• Take two apple seeds and designate one "riches," the other "poverty." Stick them on your eyelids; the one that remains there longest foretells your fate.

    • Cut open an apple. Put its seeds between your hands and clap once. Count those remaining afterward to reveal your fate:

One I love,
Two I love,
Three I love, I say;
Four I love with all my heart;
Five I cast away.
Six he loves,
Seven she loves,
Eight he comes to woo.
Nine he tarries,
Ten he marries,
And that's my fortune true.

Hallowe'en Happenings, 1921

    • Count the seeds of an apple to this rhyme to learn the vocation of your future mate:

Rich man, poor man, beggar-man, thief;
Doctor, lawyer, merchant, chief.

Rich girl, poor girl, pretty girl, brunette;
Sweet girl, neat girl, lazy girl, coquette.

The last seed decides your fate.

    • Place three apple seeds pointing toward you, side by side, on a hot stove. Name one seed Toil, another Ease, the third Travel. The one that remains closest to you after the heat makes them jump reveals your lot in life.

    • Halve an apple and match the number of seeds it contains with these fortunes:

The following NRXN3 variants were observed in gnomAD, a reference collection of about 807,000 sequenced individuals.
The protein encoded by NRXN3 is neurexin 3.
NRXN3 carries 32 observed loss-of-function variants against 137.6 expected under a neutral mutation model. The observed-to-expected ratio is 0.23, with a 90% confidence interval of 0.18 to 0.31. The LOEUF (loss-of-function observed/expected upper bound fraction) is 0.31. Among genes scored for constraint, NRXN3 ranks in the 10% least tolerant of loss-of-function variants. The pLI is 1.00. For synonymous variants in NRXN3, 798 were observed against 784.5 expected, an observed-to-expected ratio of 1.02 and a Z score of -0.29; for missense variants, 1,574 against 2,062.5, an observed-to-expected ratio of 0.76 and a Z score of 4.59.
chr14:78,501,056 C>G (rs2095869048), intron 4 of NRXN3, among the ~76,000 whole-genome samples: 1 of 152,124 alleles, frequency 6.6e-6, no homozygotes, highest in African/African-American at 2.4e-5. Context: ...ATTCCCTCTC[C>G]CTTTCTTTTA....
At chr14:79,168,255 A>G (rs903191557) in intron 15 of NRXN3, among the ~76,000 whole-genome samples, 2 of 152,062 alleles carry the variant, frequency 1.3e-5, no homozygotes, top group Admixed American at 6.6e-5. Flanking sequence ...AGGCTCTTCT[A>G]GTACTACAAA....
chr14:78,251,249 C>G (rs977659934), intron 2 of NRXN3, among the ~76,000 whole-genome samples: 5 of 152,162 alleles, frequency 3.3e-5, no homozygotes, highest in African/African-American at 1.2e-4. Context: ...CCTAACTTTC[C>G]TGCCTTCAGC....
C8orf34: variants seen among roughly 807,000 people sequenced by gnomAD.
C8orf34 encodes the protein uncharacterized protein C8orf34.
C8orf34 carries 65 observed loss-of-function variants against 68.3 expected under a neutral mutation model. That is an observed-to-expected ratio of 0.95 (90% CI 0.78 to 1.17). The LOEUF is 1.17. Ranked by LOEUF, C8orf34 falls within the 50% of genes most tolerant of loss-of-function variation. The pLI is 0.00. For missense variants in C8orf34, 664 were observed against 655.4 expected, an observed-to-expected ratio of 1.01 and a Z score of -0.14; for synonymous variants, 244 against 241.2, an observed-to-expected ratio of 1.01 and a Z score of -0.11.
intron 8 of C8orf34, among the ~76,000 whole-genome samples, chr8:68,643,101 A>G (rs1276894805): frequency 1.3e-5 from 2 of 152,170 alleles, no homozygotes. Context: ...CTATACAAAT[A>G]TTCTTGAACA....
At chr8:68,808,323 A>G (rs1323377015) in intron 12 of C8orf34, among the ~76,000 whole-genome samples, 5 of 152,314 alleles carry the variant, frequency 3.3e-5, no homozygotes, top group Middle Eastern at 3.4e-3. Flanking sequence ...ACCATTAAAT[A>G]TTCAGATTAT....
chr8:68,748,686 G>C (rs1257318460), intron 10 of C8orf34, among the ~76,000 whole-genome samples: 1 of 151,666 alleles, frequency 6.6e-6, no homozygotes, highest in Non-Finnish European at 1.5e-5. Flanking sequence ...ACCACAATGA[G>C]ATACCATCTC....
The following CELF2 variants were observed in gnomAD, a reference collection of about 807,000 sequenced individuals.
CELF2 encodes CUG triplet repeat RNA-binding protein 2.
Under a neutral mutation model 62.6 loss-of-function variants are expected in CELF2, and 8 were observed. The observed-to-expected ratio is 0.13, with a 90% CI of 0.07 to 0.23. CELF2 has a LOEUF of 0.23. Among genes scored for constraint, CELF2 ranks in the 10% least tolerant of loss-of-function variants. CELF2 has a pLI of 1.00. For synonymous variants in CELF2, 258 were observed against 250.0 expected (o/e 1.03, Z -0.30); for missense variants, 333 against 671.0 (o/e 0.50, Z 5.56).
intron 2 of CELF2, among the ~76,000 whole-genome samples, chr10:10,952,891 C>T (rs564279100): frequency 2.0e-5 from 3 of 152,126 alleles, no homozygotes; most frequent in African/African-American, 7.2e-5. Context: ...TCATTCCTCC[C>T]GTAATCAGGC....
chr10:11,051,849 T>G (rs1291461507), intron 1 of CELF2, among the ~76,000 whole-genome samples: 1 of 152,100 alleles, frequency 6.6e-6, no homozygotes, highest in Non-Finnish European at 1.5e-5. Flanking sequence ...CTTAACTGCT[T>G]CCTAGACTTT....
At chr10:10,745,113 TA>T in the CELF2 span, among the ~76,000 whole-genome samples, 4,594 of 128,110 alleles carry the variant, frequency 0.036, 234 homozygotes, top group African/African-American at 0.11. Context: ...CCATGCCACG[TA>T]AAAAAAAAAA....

One, a letter shall appear,
Two, you'll meet a friend who's dear;
Three, you're going to be miffed,
Four, you'll soon receive a gift.
Five, you'll have a glad surprise,
Six, something lost will meet your eyes;
Seven brings you a holiday,
Eight brings company from away;
Nine, you take a trip somewhere,
Ten, you'll have a love affair.
Eleven, you will quarrel and part,
Twelve, you'll for the altar start.
Thirteen brings you joy and health,
Fourteen brings a bag of wealth.

Spooky Hallowe'en Entertainments, 1923

Meet the Author

Diane C. Arkins graduated with a B.S. in journalism from Northern Illinois University in DeKalb. She first published feature stories at age nineteen in Seventeen, Co-Ed, and Woman's Day magazines. She has also been a contributing editor for Country Accents magazine and writes regularly for several national magazines. Arkins's other titles include Halloween: Romantic Art and Customs of Yesteryear, Halloween: Romantic Art and Customs of Yesteryear Postcard Book, and Halloween Merrymaking: An Illustrated Celebration of Fun, Food, and Frolics from Halloweens Past, all published by Pelican.